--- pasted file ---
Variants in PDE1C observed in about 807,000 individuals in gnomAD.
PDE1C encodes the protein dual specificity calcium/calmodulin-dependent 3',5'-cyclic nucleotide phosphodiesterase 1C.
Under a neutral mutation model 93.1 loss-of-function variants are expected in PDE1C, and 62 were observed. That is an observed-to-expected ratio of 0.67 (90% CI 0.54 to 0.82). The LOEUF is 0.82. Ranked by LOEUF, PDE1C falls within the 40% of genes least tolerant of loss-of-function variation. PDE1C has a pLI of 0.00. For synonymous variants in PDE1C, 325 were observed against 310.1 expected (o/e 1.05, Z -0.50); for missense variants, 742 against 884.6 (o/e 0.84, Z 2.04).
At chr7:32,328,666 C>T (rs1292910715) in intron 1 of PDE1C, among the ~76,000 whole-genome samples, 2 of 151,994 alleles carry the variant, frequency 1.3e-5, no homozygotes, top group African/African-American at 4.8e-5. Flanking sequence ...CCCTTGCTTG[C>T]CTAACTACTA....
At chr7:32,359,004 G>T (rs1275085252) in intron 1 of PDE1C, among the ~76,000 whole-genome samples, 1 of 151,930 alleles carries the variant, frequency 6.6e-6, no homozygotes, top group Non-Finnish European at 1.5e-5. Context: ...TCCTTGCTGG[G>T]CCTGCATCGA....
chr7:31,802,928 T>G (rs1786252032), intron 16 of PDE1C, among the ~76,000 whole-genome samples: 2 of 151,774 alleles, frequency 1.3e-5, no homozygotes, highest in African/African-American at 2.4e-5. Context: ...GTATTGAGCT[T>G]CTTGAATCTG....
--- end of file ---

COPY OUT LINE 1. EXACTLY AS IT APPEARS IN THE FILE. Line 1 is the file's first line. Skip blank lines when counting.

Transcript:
Variants in PDE1C observed in about 807,000 individuals in gnomAD.